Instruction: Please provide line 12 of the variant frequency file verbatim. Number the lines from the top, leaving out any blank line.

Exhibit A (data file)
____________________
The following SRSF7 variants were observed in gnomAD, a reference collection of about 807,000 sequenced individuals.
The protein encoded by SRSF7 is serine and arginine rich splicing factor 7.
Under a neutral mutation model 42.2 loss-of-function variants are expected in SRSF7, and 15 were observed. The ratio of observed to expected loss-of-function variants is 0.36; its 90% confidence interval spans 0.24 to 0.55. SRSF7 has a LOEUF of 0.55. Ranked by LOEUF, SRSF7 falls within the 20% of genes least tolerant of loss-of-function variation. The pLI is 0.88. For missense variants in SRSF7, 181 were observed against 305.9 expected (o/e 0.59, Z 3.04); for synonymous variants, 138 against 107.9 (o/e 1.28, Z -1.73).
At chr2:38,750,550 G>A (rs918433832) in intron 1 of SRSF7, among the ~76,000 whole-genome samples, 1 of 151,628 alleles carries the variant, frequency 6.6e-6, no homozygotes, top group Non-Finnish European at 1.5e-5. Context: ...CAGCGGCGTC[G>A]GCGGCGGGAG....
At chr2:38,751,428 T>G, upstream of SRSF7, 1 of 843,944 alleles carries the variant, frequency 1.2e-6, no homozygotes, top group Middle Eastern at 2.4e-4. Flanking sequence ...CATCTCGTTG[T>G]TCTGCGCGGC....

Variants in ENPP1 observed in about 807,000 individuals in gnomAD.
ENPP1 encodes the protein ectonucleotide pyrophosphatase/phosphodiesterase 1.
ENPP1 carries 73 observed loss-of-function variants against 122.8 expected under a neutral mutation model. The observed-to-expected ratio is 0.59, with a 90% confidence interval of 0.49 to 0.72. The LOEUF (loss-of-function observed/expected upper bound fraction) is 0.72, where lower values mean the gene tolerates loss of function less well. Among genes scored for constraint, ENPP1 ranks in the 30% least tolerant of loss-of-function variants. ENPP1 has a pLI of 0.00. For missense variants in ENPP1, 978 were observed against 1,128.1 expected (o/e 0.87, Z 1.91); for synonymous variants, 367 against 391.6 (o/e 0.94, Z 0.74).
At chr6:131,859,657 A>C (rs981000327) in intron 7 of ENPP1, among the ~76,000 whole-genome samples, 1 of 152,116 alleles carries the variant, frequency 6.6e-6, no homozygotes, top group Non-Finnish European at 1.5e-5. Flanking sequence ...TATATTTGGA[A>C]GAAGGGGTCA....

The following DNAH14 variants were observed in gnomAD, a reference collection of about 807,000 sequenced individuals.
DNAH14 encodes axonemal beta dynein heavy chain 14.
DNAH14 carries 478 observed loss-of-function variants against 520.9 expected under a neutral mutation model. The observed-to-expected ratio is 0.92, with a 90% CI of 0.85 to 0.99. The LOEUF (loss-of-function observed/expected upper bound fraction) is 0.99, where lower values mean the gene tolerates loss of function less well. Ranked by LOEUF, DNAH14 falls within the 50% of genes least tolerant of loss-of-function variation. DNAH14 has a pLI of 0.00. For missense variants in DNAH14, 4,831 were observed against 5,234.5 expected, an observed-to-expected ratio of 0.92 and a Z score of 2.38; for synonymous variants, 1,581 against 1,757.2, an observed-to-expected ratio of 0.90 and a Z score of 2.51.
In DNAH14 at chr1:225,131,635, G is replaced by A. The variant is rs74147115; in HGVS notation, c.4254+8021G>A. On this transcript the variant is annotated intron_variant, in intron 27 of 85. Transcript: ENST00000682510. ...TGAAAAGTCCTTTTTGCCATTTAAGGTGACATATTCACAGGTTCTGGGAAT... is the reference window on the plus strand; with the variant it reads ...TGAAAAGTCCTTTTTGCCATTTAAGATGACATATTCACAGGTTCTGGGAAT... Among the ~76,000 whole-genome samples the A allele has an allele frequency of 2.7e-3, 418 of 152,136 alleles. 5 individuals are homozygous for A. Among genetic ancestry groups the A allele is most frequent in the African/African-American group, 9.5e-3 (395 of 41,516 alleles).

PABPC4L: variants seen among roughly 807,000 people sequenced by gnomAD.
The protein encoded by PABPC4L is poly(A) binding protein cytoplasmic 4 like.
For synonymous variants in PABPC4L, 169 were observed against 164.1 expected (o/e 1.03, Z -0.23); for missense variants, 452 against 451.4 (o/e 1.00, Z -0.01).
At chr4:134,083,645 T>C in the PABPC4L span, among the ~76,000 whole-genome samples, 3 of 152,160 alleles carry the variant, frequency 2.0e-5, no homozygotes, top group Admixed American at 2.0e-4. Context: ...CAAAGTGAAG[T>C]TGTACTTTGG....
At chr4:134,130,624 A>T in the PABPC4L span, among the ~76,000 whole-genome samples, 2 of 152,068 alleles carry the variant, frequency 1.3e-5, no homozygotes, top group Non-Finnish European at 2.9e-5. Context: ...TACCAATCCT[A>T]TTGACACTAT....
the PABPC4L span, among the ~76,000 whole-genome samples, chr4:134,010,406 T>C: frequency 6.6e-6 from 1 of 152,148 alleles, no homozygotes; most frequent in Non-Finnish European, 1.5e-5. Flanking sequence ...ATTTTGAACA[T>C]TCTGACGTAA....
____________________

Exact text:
DNAH14 carries 478 observed loss-of-function variants against 520.9 expected under a neutral mutation model. The observed-to-expected ratio is 0.92, with a 90% CI of 0.85 to 0.99. The LOEUF (loss-of-function observed/expected upper bound fraction) is 0.99, where lower values mean the gene tolerates loss of function less well. Ranked by LOEUF, DNAH14 falls within the 50% of genes least tolerant of loss-of-function variation. DNAH14 has a pLI of 0.00. For missense variants in DNAH14, 4,831 were observed against 5,234.5 expected, an observed-to-expected ratio of 0.92 and a Z score of 2.38; for synonymous variants, 1,581 against 1,757.2, an observed-to-expected ratio of 0.90 and a Z score of 2.51.